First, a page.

City Council Introduces Climate Action Plan on Earth Day
Plan provides pathway to carbon neutrality by 2050
Seattle – Seattle City Council introduced Seattle’s Climate Action Plan today, outlining the City’s path to meeting its goal of becoming carbon neutral by 2050. The Plan focuses on three sectors where the City of Seattle can have the greatest influence in reducing carbon emissions: transportation and land use, building energy and solid waste. The Plan also includes a section on how the City should prepare for the impacts of climate disruption we currently experience, as well a section on actions individuals can take to reduce emissions through purchasing decisions.
“Taking climate action is not about austerity. It is about creating great places to live, work and play today and for future generations,” said Councilmember Mike O’Brien, Chair of the Energy and Environment Committee. “This Climate Action Plan provides a vision for a city that is vibrant, economically prosperous and socially just.”
“The strong actions in this plan are evidence of the high value that the Seattle community places on sustainability,” said Jill Simmons, Director of the Office of Sustainability and Environment. “Throughout the planning process, we heard from individuals and organizations who encouraged us to be bold and think long-term.”
Seattle’s Office of Sustainability and Environment has been developing the Climate Action Plan since 2011, engaging grassroots sustainability groups, environmental leaders and business and community members from across the city. The City also formed Technical Advisory Groups in each sector addressed in the Plan and convened a Green Ribbon Commission to recommend specific climate actions.
“With its natural beauty, strong economy and commitment to equity, Seattle is an amazing place to live. The Climate Action Plan lays out clear path to ensuring Seattle remains a great place to live and raise a family, while also doing its part to combat climate change,” said Doris Koo, Co-Chair of the Seattle Green Ribbon Commission.
“Even before the first Earth Day in 1970, Seattleites have taken pride in our city’s commitment to protecting the environment through innovative thinking, hard work and zeal,” said Seattle City Council President Sally J. Clark. “I’m proud we can introduce our Climate Action Plan on Earth Day, 2013, as yet another milestone in our city’s dedication to making a difference for the planet.”
The Climate Action Plan includes specific short- and long-term actions the City needs to meet its ambitious goal of carbon neutrality by 2050. For example, the transportation sector accounts for 40% of Seattle’s greenhouse gas emissions, but the biggest challenge Seattle faces to reducing emissions in this sector is funding. The plan calls for new funding sources like extending the Bridging the Gap levy and securing local authority for a motor vehicle excise tax (MVET) to help improve bus service and reliability, invest in improvements that make it easier and safer to walk or bike and take steps to build out the region’s light rail system. The plan also calls for supporting the adoption of low carbon vehicles and fuels.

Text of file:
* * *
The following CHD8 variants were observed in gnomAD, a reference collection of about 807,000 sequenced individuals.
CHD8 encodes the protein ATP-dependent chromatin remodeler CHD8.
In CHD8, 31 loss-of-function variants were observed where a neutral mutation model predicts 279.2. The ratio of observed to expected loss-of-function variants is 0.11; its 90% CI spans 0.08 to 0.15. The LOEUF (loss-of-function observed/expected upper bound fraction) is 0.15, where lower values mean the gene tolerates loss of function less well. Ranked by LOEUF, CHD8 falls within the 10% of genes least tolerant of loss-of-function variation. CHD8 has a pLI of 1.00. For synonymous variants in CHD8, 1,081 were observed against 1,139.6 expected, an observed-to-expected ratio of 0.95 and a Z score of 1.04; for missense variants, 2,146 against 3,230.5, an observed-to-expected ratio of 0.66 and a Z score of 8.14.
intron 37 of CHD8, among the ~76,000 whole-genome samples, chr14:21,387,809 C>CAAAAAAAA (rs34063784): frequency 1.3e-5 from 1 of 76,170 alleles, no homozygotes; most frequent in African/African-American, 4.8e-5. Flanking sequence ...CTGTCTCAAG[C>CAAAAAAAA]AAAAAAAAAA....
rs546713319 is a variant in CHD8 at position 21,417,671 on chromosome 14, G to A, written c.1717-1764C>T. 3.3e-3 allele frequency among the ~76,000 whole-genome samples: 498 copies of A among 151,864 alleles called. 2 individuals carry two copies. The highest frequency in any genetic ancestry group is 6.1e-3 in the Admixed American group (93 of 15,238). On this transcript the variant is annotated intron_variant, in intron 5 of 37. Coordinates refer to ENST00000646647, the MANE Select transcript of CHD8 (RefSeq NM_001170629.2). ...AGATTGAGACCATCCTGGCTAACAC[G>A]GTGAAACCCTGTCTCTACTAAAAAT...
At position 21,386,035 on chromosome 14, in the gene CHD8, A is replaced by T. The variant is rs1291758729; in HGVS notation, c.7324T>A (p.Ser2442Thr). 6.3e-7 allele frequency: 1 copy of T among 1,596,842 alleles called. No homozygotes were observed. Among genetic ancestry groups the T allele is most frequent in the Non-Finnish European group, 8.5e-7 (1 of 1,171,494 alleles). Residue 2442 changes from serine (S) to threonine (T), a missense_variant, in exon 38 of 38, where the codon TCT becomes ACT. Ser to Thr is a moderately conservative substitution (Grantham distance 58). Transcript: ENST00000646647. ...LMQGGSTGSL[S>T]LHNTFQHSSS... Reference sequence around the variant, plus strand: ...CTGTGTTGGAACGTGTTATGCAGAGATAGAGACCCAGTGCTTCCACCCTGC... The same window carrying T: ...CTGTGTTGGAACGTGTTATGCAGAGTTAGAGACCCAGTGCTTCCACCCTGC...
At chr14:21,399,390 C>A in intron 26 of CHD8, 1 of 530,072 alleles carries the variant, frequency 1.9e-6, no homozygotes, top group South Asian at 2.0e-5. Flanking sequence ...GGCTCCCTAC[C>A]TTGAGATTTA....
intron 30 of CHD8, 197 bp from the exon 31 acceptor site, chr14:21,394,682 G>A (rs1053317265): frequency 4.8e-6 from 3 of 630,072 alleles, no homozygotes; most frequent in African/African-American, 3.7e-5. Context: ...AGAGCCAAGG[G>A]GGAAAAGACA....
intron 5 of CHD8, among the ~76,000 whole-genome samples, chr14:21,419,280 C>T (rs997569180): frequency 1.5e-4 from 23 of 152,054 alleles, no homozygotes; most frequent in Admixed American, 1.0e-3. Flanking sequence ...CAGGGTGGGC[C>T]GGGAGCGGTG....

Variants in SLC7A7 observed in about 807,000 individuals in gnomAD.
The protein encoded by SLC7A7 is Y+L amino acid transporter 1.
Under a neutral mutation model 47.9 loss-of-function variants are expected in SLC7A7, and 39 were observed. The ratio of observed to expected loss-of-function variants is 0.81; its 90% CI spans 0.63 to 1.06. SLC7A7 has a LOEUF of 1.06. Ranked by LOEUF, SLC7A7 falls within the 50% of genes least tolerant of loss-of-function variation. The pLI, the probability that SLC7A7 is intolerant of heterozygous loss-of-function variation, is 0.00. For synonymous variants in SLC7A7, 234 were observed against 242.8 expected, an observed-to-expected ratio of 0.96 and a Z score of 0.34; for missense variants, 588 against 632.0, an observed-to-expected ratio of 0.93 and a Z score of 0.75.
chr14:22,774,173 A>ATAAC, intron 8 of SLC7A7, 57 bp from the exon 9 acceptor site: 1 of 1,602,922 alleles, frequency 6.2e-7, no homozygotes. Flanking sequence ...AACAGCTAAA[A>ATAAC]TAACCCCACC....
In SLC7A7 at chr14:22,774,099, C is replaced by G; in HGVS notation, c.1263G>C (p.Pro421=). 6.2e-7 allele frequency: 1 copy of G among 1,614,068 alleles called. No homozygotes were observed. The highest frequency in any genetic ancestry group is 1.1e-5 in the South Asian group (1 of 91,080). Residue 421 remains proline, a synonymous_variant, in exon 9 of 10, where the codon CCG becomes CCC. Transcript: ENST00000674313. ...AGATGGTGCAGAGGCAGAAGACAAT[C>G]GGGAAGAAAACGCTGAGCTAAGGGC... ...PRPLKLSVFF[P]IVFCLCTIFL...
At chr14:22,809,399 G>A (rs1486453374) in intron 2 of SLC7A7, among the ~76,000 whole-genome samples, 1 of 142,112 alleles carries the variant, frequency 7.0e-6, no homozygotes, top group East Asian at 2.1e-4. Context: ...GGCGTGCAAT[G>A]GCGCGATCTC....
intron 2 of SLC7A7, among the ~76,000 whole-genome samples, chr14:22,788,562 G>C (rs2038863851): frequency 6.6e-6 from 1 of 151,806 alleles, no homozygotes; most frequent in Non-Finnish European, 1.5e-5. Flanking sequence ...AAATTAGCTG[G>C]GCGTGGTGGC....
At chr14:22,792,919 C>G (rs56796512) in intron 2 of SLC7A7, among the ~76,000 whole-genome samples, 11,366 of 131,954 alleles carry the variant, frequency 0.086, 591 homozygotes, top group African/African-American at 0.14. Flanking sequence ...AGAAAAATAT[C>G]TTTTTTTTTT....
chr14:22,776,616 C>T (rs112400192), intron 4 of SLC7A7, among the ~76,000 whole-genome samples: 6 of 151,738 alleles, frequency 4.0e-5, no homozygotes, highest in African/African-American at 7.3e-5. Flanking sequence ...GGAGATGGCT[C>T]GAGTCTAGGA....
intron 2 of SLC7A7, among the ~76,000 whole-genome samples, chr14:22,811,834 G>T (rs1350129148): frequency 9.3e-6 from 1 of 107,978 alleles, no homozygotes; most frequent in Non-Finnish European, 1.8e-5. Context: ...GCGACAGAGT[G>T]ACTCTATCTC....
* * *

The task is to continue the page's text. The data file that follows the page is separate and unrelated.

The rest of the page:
In the building energy section, the Plan calls for accelerating Seattle’s work to make energy use more visible to consumers by switching to smart meters, providing better energy performance information to building owners and users and generally helping people better understand and manage their energy consumption. Additionally, the Plan calls for getting the right mix of policies and incentives to spur retrofitting in Seattle’s housing stock and commercial buildings.
“We have already seen the impact of a changing climate. We must act now to slow down the rate of climate change, and to respond to the issues as our climate is affected,” said Councilmember Richard Conlin. “Together we can rise to this great moral challenge, take practical steps in the right direction, inspire others to emulate our example and build a positive future for Seattle.”
“Seattle residents and businesses are leaders in the fight against climate change,” said Mayor Mike McGinn. “I appreciate the hard work done by our citizen committee to craft recommendations for our updated plan and look forward to the Council’s process for adopting the strongest possible Climate Action Plan. I thank Councilmembers O’Brien and Conlin for their leadership in this effort.”
The Climate Action Plan will be discussed in two Energy and Environment Committee meetings—Tuesday, April 23 and Tuesday, May 14—and will also be the topic of a public town hall on Tuesday, May 7 from 6:00pm to 8:00pm at University Heights Center.
Council briefing on the Seattle Climate Action Plan (starts at the 43:00 minute mark)